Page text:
Rather thrillingly The Future Fire are bringing out TFFX, an anthology of selected stories from the magazine to celebrate their ten-year anniversary. And even more thrillingly (for me, at any rate) they are going to include my short story Art Attack!
As part of the celebrations they’ve been asking the authors to write a microstory that takes place 10 years after the original story. And my contribution ‘2084’ is now up on the Future Fire blog site HERE
It was an interesting exercise to write a ’10 years after’ – which is also a sort of trailer for the Art Attack! story. In the event, I rather drifted away from the Art Attack universe. I didn’t want to satirise the same things twice, so the world of the story had to change accordingly. What I did keep was the rather sarcastic contemptuous attitude, and the ‘motto inserts’. Another thing I thought would be fun this time around was to make the literary allusion more explicit. Art Attack! has allusions also (or perhaps more properly called thefts) but they are so obscure they are only amusing to me. It was nice to have the chance to revisit that aspect of the original story — and this time — give the literary allusion a proper use.
On a personal note, due to too much ‘stuff’ (not interesting or varied stuff, but a lot of it), I haven’t written anything in ages — so it was great to have the prompt to do some writing, and be reminded of the fun of it.
Part and parcel of the way publishing is changing – and appropriate to an SF magazine especially — The Future Fire are running a fundraiser so the anthology is sort of pre-sold before they publish. All very interesting.
Some of our comrades will be appearing at the 65th Eastercon, Satellite 4, this weekend.
On Friday night, Hannu Rajaniemi will be a victim guest of Horrorshow, a late night talk show hosted by Andrew J. Wilson. (22:00 – 23:30 in Castle 1)
On Sunday evening, we’ll embark for Planet Scotland, live performances of the best new Scottish SF and fantasy featuring established and up-and-coming talent from the Word Dogs and Writers’ Bloc spoken-word performance groups including Hal Duncan, Phil Raines, and Bloc comrades Mark Harding, Stuart Wallace, and Halsted M. Bernard. The event will be hosted by Andrew J. Wilson and Neil Williamson. (20:00 – 22:00 in Castle 1)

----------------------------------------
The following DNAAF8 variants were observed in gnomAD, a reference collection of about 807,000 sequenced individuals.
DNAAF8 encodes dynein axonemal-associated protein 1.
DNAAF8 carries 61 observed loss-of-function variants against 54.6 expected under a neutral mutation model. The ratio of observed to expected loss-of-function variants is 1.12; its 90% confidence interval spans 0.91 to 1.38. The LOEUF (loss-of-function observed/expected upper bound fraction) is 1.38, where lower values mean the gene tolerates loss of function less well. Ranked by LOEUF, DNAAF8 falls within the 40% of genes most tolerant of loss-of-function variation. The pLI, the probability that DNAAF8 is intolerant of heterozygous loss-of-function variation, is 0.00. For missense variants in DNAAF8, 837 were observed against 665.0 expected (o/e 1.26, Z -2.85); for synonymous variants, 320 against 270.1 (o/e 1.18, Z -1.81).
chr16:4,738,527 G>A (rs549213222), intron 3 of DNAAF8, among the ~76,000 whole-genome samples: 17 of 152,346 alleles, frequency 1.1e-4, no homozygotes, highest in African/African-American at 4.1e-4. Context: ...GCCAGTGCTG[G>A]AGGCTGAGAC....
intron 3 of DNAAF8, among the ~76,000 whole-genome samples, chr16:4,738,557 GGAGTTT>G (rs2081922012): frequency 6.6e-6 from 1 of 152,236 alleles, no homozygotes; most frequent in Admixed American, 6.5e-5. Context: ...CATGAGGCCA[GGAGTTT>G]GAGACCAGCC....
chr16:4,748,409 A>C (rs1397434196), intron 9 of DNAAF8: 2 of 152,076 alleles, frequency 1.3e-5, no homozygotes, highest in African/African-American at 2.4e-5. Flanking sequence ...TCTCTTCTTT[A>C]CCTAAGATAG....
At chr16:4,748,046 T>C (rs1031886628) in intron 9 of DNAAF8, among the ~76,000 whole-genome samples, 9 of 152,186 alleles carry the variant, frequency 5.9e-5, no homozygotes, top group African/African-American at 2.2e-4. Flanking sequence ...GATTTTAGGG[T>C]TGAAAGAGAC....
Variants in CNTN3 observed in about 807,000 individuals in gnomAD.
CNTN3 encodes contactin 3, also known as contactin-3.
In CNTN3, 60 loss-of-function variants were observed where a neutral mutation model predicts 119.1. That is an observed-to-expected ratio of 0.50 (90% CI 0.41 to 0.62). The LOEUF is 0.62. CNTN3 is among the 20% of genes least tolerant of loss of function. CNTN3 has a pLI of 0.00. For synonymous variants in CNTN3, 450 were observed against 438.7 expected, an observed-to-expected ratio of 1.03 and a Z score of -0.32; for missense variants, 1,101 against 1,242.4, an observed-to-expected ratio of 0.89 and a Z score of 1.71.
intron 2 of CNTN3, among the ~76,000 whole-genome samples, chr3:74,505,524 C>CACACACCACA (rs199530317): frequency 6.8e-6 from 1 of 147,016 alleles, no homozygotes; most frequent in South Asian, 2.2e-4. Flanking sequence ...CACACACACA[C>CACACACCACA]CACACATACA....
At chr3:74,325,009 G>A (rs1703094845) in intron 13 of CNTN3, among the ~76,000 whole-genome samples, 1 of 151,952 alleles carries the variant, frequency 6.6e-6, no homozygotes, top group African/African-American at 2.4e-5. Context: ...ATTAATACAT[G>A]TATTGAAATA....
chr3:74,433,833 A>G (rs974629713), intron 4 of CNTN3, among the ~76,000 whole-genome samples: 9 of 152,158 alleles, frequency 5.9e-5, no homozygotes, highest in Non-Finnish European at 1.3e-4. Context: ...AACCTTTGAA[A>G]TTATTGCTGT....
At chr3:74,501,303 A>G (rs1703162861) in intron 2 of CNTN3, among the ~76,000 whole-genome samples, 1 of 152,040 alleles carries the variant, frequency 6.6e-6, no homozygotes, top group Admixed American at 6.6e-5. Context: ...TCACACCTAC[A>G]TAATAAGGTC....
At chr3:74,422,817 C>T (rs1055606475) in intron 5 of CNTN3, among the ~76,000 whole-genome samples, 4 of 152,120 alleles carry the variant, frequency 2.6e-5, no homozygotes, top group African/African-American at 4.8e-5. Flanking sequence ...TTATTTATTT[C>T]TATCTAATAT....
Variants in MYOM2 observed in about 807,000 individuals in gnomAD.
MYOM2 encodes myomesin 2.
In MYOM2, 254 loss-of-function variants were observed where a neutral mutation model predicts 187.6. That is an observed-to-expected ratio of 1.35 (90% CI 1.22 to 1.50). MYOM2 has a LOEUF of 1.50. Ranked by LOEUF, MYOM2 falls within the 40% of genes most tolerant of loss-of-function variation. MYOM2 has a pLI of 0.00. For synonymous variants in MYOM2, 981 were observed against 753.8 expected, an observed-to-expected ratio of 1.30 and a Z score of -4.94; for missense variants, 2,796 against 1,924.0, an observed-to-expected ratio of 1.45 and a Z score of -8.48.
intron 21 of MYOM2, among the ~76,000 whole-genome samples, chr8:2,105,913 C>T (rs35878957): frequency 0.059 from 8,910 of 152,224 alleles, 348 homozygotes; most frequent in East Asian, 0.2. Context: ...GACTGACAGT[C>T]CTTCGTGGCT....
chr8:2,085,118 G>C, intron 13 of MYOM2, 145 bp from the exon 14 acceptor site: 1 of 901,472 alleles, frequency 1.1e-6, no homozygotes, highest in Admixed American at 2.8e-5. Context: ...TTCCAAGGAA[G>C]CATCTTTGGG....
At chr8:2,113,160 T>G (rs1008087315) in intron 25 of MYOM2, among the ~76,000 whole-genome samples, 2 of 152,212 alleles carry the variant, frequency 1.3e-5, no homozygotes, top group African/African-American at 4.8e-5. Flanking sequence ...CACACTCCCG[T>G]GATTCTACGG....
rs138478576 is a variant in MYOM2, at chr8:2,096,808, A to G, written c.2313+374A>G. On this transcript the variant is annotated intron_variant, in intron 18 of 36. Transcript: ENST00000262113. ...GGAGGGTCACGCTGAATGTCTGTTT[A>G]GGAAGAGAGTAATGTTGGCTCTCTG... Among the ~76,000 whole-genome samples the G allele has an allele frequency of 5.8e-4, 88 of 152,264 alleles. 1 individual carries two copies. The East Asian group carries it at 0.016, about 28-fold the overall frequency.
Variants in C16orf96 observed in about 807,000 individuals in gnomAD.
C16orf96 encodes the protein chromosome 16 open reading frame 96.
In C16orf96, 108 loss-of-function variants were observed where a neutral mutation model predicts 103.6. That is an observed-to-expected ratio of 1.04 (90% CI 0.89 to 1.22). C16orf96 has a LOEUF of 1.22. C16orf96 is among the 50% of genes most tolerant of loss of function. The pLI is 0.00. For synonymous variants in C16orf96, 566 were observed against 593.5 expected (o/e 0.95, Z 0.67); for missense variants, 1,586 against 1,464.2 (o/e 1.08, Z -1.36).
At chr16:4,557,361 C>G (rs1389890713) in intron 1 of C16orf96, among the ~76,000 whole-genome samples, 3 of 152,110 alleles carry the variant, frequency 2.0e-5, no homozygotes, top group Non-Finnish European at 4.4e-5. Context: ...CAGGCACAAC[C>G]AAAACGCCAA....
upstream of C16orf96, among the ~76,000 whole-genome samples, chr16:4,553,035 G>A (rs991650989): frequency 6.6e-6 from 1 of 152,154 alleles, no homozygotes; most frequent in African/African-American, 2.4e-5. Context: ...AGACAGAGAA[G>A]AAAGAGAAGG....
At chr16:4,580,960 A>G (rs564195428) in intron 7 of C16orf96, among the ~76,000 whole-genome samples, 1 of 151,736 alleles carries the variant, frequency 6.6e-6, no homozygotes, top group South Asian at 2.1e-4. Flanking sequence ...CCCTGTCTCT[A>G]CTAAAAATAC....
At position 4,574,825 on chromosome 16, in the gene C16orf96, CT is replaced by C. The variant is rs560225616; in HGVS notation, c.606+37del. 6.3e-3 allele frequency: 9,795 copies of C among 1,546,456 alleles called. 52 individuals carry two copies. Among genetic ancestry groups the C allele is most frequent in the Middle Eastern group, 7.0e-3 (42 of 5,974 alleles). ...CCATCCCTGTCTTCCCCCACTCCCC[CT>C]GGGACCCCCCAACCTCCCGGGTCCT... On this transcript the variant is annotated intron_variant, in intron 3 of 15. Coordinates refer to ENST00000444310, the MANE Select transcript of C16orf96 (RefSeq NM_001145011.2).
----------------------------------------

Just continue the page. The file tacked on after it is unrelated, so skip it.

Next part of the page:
The Nearest Star website gives some perturbing information:
Proxima Centauri is the nearest star to our Sun, at 4.22 light years away. This means that Voyager, travelling at 38,000mph/ 61,000kph would take 73,000 years to reach the star.
The fastest space craft is the Helios 2 solar probe, at 157,100mph/ 252,800 kph. So if Helios 2 went to Proxima Centauri it would still take 17,633 years.
Kara – Self Aware Android — What is wrong with this picture?
I guess there are three elements involved:
The Story: To get round uncanny valley a quite elaborate story has been told. It reminds of the Pinocchio story as discussed by Scott Bukatman in Beyond The Finite. Pinocchio’s humanness is actually displayed in disobeying (moral choice). (Humm, also reminds me of Genesis.) However, in the story told here, what is more important than moral choice is the need to survive. Everything else Kara does (gratitude etc) can be seen as ‘built in’ (unthinking) functions to support this need to survive. But on these grounds, then any animal programmed by evolution, as it were, (and, at least, some plants) should be considered as having self-awareness.
The Image: If our response to the illusion of self-awareness is actually to the lifelike expressions and voice, then the AI already exists — its the video itself. Cory Doctorow is makes the relevant comment: “It would be interesting to re-render this with the “robot” as a kind of arachnoid assembly-line robot with a gender-neutral voice and see what happens to the film’s affect.” Quite a different effect, I would imagine.
The Technology: Not being a game developer or user, the tech article doesn’t mean too much to me. What is interesting is the importance given to having a good actor (shot with 28 cameras simultaneously) to get the expression and tone. So from the technical POV it is purely about developing an image which faithfully replicates the actor expressions. I can see the point of this for game development, though the point of it in films like Tintin escapes me. Surely one of the pleasures of animation is the artificiality, playing on the cusp of the uncanny?
One of the reasons I’m grateful to The Future Fire is for the opportunity to write an entry on Noir and Science Fiction. The thought process from this has been rattling around in my head ever since.
There’s a whole A-Z if anyone is interested.